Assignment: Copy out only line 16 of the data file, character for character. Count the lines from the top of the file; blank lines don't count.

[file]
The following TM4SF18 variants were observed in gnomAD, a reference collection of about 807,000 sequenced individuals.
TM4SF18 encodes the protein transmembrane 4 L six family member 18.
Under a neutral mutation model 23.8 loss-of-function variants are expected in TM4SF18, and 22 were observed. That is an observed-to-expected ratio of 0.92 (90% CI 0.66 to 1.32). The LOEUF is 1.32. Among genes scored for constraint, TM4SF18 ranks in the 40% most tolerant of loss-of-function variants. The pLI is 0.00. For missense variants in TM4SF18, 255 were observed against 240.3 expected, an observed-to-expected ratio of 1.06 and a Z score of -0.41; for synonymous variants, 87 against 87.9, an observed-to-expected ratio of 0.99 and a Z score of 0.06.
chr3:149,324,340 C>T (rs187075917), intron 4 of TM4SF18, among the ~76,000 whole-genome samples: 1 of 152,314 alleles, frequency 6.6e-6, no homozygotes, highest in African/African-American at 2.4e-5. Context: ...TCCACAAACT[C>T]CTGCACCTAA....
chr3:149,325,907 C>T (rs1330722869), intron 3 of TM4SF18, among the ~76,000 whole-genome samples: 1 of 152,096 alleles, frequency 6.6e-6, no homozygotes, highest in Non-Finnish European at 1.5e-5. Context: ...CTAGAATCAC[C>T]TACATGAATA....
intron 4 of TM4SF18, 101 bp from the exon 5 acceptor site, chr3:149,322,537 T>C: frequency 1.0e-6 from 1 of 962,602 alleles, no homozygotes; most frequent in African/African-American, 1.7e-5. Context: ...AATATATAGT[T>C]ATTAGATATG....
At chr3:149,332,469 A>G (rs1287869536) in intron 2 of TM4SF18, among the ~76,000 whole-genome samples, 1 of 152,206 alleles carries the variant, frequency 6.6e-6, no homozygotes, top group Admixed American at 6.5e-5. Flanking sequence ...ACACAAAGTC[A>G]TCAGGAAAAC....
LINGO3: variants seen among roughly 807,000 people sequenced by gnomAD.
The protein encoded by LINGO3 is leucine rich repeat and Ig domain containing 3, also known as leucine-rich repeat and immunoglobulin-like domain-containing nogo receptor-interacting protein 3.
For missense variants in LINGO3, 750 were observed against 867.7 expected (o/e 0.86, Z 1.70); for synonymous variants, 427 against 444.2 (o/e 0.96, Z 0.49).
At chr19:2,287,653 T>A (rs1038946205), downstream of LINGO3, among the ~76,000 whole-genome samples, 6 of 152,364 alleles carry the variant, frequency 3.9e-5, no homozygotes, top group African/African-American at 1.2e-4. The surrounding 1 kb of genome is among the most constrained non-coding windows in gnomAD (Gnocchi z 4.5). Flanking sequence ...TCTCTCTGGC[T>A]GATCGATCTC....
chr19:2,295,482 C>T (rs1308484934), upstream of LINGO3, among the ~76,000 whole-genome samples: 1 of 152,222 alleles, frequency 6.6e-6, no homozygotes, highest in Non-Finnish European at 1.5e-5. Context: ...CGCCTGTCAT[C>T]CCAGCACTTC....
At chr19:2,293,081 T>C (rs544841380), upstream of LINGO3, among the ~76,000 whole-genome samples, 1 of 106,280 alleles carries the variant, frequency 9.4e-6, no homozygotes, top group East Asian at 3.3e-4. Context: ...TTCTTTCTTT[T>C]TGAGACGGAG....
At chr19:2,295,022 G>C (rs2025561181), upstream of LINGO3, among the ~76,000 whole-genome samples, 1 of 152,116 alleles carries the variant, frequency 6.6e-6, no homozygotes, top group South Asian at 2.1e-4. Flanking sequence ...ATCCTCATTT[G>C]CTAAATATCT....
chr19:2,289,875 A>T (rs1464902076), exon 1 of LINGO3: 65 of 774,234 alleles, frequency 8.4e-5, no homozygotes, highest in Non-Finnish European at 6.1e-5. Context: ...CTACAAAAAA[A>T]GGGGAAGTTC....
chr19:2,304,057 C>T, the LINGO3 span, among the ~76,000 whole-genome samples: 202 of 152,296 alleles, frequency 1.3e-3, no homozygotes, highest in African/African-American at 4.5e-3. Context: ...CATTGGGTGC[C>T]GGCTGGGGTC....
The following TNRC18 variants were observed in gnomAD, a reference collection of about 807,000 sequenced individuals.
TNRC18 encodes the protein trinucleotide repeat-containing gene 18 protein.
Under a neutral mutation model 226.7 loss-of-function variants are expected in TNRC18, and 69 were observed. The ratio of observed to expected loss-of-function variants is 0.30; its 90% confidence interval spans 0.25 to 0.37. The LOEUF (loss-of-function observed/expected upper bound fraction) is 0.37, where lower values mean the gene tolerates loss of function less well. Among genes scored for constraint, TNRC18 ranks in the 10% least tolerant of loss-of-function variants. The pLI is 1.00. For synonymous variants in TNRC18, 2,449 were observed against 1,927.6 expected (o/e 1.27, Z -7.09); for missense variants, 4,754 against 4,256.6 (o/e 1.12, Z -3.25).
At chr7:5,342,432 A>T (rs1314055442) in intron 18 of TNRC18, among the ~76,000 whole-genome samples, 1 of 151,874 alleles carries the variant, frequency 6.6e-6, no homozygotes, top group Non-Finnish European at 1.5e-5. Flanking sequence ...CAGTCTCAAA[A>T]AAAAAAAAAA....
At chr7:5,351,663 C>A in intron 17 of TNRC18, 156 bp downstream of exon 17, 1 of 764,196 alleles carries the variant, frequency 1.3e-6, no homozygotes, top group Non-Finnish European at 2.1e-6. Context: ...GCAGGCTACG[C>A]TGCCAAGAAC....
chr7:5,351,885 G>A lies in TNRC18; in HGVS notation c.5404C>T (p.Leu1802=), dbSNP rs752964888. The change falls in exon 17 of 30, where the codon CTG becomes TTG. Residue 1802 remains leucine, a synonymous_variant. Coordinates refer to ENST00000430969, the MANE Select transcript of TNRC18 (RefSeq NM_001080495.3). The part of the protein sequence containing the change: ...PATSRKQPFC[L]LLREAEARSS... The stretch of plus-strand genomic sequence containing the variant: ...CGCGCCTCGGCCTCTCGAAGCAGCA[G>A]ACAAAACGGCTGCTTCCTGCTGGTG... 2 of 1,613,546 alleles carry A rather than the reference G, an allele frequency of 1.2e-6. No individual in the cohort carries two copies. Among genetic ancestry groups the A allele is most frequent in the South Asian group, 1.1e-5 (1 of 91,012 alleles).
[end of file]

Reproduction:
chr19:2,304,057 C>T, the LINGO3 span, among the ~76,000 whole-genome samples: 202 of 152,296 alleles, frequency 1.3e-3, no homozygotes, highest in African/African-American at 4.5e-3. Context: ...CATTGGGTGC[C>T]GGCTGGGGTC....